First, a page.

FDA Wants Anti-COVID-19 Variant Boosters Out Quickly

An FDA ruling this week quickens the process by which COVID-19 vaccine manufacturers can get to the market—and into arms—booster shots that are targeted at variants.

New cases of coronavirus disease 2019 (COVID-19) infection, hospitalization, and death continue to plummet across the United States. Yesterday, there were 56,044 new cases of COVID-19, while 1415 people died from the disease, according to Johns Hopkins University. At the height of the recent surge, some days saw over 4000 deaths.

Some news on the COVID variants front as well. Health care experts have been telling Infection Control Today® that the vaccines are somewhat effective against the variants, but that they could be re-engineered as booster shots that would hopefully be very effective against the variants.

And those booster shots would arrive in a hurry, thanks to a ruling this week by the Food and Drug Administration (FDA). The FDA on Monday said that the makers of vaccines, treatments, and tests do not have to conduct large, time-consuming clinical trials to move those products to the frontlines.

Acting FDA Commissioner Janet Woodcock, MD, said in a statement that “we know the country is eager to return to a new normal and the emergence of the virus variants raises new concerns about the performance of these products. By issuing these guidances, we want the American public to know that we are using every tool in our toolbox to fight this pandemic, including pivoting as the virus adapts. We need to arm health care providers with the best available diagnostics, therapeutics and vaccines to fight this virus. We remain committed to getting these life-saving products to the frontlines.”

There is a precedent for this. The annual flu vaccines only need to show efficacy in small clinical trials. Two manufacturers of COVID-19 vaccines—Moderna and Pfizer-BioNTech—are busy modifying their vaccines so that they will be more effective against the variants.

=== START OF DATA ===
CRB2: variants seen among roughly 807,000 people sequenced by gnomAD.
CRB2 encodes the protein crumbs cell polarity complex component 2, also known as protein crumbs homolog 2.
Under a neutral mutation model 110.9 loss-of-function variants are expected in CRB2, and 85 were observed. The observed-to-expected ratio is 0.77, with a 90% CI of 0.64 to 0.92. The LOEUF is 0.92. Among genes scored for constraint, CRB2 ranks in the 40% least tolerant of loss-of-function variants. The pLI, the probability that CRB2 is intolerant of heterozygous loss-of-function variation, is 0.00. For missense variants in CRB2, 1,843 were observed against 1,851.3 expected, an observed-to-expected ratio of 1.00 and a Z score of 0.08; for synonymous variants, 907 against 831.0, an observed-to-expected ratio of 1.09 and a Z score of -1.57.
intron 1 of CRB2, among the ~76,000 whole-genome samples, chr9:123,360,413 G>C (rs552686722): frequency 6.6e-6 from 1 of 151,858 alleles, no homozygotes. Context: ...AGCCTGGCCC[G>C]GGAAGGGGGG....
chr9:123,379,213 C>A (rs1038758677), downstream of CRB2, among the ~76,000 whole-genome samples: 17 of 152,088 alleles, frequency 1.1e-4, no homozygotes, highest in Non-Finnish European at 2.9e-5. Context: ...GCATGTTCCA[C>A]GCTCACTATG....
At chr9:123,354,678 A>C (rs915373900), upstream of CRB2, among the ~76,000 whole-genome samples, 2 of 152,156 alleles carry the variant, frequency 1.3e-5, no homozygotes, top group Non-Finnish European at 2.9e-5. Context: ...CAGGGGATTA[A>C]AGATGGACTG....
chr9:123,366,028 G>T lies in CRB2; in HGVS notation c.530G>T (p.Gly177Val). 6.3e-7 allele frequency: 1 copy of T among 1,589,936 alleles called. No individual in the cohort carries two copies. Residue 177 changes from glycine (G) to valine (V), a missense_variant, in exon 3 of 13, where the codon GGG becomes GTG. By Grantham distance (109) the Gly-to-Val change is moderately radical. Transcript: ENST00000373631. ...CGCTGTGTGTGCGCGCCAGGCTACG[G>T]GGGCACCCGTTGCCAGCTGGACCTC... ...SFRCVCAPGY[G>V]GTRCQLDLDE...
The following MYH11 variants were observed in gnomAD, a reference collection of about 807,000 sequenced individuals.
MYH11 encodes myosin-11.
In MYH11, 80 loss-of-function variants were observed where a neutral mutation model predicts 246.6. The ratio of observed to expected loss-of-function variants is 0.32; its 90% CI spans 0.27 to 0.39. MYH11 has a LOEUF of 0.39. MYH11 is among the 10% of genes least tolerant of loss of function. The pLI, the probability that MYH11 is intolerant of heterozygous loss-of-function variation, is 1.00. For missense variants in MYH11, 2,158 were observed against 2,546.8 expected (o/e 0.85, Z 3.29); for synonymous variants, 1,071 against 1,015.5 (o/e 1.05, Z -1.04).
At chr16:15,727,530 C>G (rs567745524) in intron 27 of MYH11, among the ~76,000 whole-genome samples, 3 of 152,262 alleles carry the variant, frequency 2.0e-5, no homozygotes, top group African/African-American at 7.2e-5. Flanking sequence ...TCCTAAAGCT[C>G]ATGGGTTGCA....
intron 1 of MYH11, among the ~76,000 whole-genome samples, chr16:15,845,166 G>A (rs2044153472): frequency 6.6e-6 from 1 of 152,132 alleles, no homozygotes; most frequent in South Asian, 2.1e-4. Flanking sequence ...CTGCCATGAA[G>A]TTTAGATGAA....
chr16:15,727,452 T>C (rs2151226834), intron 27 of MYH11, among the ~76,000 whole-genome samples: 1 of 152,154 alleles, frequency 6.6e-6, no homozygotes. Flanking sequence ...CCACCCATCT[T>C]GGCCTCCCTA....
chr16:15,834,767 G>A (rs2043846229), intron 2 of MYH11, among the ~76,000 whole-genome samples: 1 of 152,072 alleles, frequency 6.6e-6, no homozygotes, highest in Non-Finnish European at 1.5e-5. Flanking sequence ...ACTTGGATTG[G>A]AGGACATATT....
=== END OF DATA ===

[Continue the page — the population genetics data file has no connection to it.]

As more and more people get fully vaccinated—that is, get the two doses—what does that mean for them, exactly? Will they still have to social distance? How about wearing a mask? If a fully vaccinated person comes into contact with someone who has COVID-19, does the fully vaccinated person then have to quarantine? The questions boil down to this: How should we live our lives now? The Centers for Disease Control and Prevention (CDC) might be providing answers to those questions soon.

There are some dark clouds to watch besides the COVID variants. Children’s hospitals in America say that they are seeing a surge in cases of an illness that follows infection from COVID-19. It’s called multisystem inflammatory syndrome and symptoms include stomach pain, vomiting, diarrhea and fever. It affects youngsters between 1 and 14 years old, and disproportionately affects children of color. As reported by Axios today, hospital officials say that the illness seems to be more common than it was earlier in the pandemic. Between October 1, 2020 and January 7, 2021, COVID hospitalizations for adults exploded by almost 300%, according to researchers at the University of Minnesota. During that same period, pediatric COVID-19 hospitalizations rose 50%. Since January 7, adult hospitalizations fell by 54%. Hospitalizations for children fell by 25%.

Meanwhile, since the pandemic began, there have been over 28 million confirmed cases on COVID-19, in the US, while over 500,000 people have died from the disease. In the world, there have been about 112 million confirmed cases of COVID-19, while about 2.5 million people have died from the disease.